Congressman Trey Hollingsworth of Indiana in the House and Senator Bill Hagerty of Tennessee in the Senate, both from the Republican Party, introduced a new bill on Friday to regulate stablecoins in the US.
Proposed Bill Would Require Stablecoins to Be Backed by Dollars, Government Securities
Two legislators—Rep. Trey Hollingsworth (R-IN) in the House and Sen. Bill Hagerty (R-TN) in the upper chamber—have introduced a bill designed to make sure that's never an issue again. pic.twitter.com/bC5wUzn3TQ
— Eddie (@goldsmitheddie1) April 2, 2022
US: stablecoin bill arrives in Congress
The ‘Transparency Stablecoin Act’ arrives at the US congress
After a number of requests in recent months to speed up the regulation of stablecoins in the United States, two Republican Party politicians have now submitted a bill to Congress to bring order to a sector that is growing by leaps and bounds, without yet having a precise and defined legislative framework.
The Stablecoin Transparency Act states that stablecoins must be fully backed by a combination of US dollars and “government securities with maturities less than 12 months”. It would also legally oblige issuers of stablecoins to publish regularly audited reports showing their fiat currency reserves.
“From whether coins are securities or commodities, to who is in charge of regulating them, those in the cryptocurrency marketplace are navigating significant ambiguity”,
said Senator Hagerty, explaining the need for the legislative body to get its hands on the matter.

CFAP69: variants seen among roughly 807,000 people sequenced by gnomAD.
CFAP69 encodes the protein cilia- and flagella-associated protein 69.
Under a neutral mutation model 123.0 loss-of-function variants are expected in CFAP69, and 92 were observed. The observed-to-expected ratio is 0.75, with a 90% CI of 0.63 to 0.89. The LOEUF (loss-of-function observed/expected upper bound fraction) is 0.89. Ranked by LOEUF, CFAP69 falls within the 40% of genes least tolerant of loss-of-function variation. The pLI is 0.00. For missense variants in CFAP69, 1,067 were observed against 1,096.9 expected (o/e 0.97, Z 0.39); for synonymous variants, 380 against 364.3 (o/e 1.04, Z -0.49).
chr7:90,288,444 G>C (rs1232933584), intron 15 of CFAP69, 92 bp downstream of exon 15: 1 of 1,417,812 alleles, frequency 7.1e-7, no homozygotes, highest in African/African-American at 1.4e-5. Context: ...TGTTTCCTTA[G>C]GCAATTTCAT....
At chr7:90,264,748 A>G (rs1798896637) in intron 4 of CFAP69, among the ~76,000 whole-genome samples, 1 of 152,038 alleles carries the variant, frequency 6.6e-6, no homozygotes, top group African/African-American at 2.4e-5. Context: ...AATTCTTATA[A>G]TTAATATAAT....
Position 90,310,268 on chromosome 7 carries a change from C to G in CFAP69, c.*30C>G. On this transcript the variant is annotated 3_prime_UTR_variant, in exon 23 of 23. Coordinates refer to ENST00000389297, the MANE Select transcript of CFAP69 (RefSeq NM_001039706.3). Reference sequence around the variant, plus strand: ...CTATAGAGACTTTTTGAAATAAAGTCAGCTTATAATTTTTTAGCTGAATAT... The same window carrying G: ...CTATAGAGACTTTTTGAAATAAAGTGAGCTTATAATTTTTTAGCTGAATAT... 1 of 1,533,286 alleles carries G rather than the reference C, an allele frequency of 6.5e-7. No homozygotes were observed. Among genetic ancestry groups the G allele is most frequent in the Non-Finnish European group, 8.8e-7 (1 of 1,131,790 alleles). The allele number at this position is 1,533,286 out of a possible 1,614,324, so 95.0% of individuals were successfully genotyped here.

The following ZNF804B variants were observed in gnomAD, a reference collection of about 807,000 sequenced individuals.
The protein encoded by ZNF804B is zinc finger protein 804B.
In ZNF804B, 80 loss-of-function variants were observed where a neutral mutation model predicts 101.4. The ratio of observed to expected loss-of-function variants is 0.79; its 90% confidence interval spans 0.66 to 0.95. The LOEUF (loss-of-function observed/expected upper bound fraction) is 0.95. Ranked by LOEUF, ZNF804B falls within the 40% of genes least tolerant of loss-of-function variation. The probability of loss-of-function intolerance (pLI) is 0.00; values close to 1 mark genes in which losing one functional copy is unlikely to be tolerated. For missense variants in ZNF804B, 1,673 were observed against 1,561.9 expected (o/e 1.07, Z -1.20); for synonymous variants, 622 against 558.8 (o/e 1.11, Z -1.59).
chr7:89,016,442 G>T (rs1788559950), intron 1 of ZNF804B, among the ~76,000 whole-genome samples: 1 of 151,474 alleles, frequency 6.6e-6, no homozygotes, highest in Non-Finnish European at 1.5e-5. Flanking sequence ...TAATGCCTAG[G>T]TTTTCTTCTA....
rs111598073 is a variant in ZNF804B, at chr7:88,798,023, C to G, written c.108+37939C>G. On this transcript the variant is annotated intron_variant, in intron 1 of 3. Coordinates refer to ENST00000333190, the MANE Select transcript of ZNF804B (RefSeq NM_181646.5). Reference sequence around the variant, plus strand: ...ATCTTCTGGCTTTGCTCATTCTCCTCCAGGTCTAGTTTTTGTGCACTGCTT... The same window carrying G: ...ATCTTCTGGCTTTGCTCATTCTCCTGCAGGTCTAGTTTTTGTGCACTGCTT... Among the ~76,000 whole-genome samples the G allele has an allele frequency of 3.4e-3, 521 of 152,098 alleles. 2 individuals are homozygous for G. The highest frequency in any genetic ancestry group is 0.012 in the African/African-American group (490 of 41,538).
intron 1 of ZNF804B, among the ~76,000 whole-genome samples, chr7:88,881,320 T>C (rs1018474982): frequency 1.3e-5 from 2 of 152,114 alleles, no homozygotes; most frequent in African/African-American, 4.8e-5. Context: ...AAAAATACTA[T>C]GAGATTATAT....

The bill, according to the Tennessee senator, has already received many favourable comments from both regulators and crypto industry representatives. Hollingsworth also admitted that the bill may not be a final solution, but it could strike the right balance between development, technology and consumer protection.
The proposed idea
The basic idea of the proposal would be to ensure that for every dollar of stablecoin, the company issuing it would have $1 of fiat currency as a reserve. This would avoid any controversy surrounding the soundness of stablecoin-issuing companies, such as Tether, which in the past has faced rumours about its reserves of fiat currency.
In October, a Bloomberg article doubted whether Tether actually had sufficient liquidity to cover the amount of stablecoins in circulation, which are pegged to the value of a strong currency such as the dollar and the euro. The same thing had happened months earlier with an article in the Financial Times, to which the company replied, describing the news as baseless.
Senator Hagerty said that the Stablecoin Transparency Act would be about consumer protection, but at the same time would not put stablecoins in the hands of “unaccountable bureaucrats who threaten to choke off innovation”.
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